I was recently honored to address the nursing leadership of a state-wide Department of Correction at their quarterly meeting. When trying to decide upon a topic, I opened my Correctional Nursing: Scope and Standards of Practice book, and discovered a section that I did not remember – guiding principles for Correctional Nurses. I believe these principles are hidden gems in our book, and wanted to share them with all of you as well. To that end, this month I have written two posts that discuss the seven guiding principles for Correctional Nursing practice that are included in our Correctional Nursing: Scope and Standards of Practice. While I am sure you would agree with me that much of the following information is intuitive, I think periodic reinforcement of each of these seven principles is important to our practice and our development as Correctional Nurses.
Principle 1: The core of Correctional Nursing practice is patient-centered care. Implicit in this principle is respect for the diversity and dignity of all persons. Having the patient be the focus while we must abide by the security regulations and potential safety issues may be challenging at times, but we must always remember that we are the patients’ advocate. That is where our understanding of the patient goal, our creativity, and our negotiation skills are needed.
Principle 2: The Nursing Process is fundamental to Correctional Nursing practice. We use it to provide individualized care for our patients, and critical thinking is at the center of our actions. Critical thinking is not something we are born with, but rather a skill that can be developed with training and practice. Activities that promote critical thinking skills include discussing case studies like the ones posted on Nursing Behind the Wall at your monthly staff meetings. Asking questions like “what if…” will promote expanded thinking and the ability to transfer the learning from one situation to another.
Principle 2 also states that Correctional Nurses use evidence-based knowledge to assess, diagnose (nursing diagnoses), identify outcomes, plan, implement and evaluate care. Our interventions should produce beneficial results, and we should be evaluating our patients’ response to the interventions to ensure that they do.
Principle 3: Professional nurses know their correctional role. Although there are some systems where nursing staff are also considered part of the custody staff, we must recognize that our primary role is the delivery of nursing services. Correctional nurses demonstrate excellence in clinical practice through the use of the Nursing Process, through the use of strong assessment skills and by demonstrating clinical competence based upon principles of evidence-based practice.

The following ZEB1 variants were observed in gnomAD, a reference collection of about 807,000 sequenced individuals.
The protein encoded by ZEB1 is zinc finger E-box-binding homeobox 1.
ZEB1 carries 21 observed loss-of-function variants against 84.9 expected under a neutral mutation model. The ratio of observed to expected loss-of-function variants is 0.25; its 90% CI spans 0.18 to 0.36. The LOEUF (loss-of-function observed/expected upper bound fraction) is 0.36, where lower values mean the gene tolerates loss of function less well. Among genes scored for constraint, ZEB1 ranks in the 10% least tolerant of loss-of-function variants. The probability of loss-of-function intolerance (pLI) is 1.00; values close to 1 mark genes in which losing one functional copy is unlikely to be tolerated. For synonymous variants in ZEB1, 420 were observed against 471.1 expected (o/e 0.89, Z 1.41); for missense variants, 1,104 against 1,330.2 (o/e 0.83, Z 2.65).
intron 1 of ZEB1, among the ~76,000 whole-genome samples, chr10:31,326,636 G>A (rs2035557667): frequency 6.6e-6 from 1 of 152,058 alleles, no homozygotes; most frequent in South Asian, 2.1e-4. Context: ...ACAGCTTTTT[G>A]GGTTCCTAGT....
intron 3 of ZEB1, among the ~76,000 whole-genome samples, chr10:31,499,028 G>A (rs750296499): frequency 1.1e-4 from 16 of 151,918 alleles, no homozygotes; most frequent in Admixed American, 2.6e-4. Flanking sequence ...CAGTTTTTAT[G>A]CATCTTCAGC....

Principle 4: Correctional Nurses recognize the value of teamwork and collaboration by establishing partnerships. Interaction and collaboration with custody staff can lead to the maintenance of a clean, safe and secure environment for all. This has certainly become more apparent as we address the COVID-19 pandemic. Many, many facilities were able to implement programs for screening and isolation quickly because nursing staff shared their knowledge and training in infection control. Correctional nurses should also share their knowledge and expertise by volunteering for committees; and collaborating with mental health staff, dietary staff, outside providers, and community resources for their patients who are being released.
Please take a moment and review these seven guiding principles for Correctional Nursing practice in your Correctional Nursing: Scope and Standards of Practice book. They are hidden gems which, if followed, will lead to an enhanced practice for you and your staff (if you are in a leadership role), and will lead to the provision of quality care for your patients.
Please check out our upcoming post, Correctional Nurse Professional Practice: The Seven Guiding Principles II for a discussion of the final two principles.
Share your thoughts about our Guiding Principles in the comments section below.